WWD.com/fashion-news/fashion-features/front-and-center-753198/
government-trade
government-trade

Front And Center

At Beau Bra, designer Gabrielle Ross is tying things up nicely.<br><br><br><br>Gabrielle Ross brings new meaning to the term "easy access." Her lingerie line, Beau Bra, features sexy bras that tie in the front — and inspiration came from, of all...

View Slideshow

At Beau Bra, designer Gabrielle Ross is tying things up nicely.

Gabrielle Ross brings new meaning to the term “easy access.” Her lingerie line, Beau Bra, features sexy bras that tie in the front — and inspiration came from, of all things, a silly college dare.

While an archeology student at Durham University in England, Ross had a boyfriend who bet that he could undo a bra with his left hand in four seconds. While his unhitching prowess left much to be desired, it got Ross, 27, thinking. What could be more provocative, she thought, than bras that can be untied in the front?

Within a year, the dare had turned into a promising little side business. By that time, Ross was working her way through law school. “The law is very black-and-white,” she says. “And I really needed something to dilute what I was doing, so I started selling the bras out of my bedroom.”

In 1998, Ross modeled her design for British Vogue, and soon calls started coming in from as far away as Bermuda and India. When she sold her first 500 bras in less than two weeks, she knew that Beau Bra was more than a pet project. The top guns at the law firm that had just hired her understood completely. “They said, ‘Go away. We want you to get this out of your system,’” Ross remembers.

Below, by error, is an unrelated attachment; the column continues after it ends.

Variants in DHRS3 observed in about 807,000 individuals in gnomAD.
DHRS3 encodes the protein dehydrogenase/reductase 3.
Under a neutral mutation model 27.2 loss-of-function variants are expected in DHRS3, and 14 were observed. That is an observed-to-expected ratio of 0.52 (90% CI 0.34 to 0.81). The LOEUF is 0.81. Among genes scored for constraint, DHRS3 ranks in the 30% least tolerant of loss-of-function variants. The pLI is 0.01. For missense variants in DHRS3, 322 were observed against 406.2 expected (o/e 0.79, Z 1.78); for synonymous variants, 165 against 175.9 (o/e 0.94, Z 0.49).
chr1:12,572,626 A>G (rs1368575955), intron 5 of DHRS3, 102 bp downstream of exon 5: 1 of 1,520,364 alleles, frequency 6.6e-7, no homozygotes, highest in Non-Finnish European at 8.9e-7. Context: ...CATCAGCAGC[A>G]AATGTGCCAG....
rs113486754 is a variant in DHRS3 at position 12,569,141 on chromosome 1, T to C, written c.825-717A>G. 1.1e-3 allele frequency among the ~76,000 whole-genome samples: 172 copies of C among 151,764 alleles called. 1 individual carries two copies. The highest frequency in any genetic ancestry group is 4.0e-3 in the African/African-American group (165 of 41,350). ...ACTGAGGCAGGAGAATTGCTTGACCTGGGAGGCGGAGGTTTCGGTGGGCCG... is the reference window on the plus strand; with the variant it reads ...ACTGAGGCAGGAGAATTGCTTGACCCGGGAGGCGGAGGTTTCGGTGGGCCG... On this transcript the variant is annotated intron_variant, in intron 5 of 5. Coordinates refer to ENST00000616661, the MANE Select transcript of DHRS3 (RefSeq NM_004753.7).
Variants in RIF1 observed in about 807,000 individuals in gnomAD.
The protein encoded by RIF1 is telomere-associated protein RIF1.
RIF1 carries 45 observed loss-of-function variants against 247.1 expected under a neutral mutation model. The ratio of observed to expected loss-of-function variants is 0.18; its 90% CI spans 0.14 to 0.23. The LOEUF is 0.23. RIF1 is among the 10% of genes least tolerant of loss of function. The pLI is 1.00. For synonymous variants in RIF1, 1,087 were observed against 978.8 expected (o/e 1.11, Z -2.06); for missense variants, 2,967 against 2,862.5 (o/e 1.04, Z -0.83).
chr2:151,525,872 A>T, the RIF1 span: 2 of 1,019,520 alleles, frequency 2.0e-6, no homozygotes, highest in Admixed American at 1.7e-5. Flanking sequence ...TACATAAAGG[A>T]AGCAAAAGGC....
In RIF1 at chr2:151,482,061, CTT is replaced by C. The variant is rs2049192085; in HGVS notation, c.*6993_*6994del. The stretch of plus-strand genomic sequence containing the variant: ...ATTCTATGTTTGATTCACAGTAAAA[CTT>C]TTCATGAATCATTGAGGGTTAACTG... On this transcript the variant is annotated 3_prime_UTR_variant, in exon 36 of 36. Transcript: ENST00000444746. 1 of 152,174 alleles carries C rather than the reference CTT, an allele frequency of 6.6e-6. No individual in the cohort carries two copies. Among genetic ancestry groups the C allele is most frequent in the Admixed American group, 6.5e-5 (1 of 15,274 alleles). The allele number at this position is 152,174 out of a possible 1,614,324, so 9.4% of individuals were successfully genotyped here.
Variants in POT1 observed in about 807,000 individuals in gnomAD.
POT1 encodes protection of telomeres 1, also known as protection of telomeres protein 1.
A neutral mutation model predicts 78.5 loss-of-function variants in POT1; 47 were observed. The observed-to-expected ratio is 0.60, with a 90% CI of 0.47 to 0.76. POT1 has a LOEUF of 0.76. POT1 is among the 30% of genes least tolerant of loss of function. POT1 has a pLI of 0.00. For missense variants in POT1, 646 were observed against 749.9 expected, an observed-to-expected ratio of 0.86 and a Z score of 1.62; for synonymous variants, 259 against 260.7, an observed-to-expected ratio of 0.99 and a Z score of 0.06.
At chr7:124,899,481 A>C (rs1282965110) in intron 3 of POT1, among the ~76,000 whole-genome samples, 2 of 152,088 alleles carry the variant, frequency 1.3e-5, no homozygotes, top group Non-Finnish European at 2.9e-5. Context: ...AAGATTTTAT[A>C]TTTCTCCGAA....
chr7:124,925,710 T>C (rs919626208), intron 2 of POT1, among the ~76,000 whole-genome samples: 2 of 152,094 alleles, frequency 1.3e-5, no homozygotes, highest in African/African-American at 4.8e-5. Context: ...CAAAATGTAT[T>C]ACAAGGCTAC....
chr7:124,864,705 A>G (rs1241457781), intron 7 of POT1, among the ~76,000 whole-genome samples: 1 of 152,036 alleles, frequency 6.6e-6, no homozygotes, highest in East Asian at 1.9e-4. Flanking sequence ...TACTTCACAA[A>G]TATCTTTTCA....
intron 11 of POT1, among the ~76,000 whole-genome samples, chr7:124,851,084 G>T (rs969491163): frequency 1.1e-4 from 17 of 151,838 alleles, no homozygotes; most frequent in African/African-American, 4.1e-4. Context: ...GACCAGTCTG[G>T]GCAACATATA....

Now, Ross’ quirky lingerie sets are available at Bergdorf Goodman in the U.S. and Harvey Nichols and Fortnum & Mason in the U.K. Bras retail for $130-135, and G-strings, $70-75.

Spring will feature soft pastel laces with intricate floral embroidery. “I got an idea of unicorns and virgins and maidens — purity,” Ross says. But such gentle thoughts aside, she understands that designing bras is a technical discipline. “It’s structural engineering,” she says. “It’s like trying to push two bags of sugar into a cup.”

These days, Ross is checking out pajama fabrics and mulling a move into ready-to-wear. She’s also working on a swimwear line called B’Eau.

And what about the boy who started it all? “He’s now a journalist,” Ross says. “But he never mentions my name because he doesn’t want to be known as the guy who

couldn’t get a bra unclasped in under four seconds.”

View Slideshow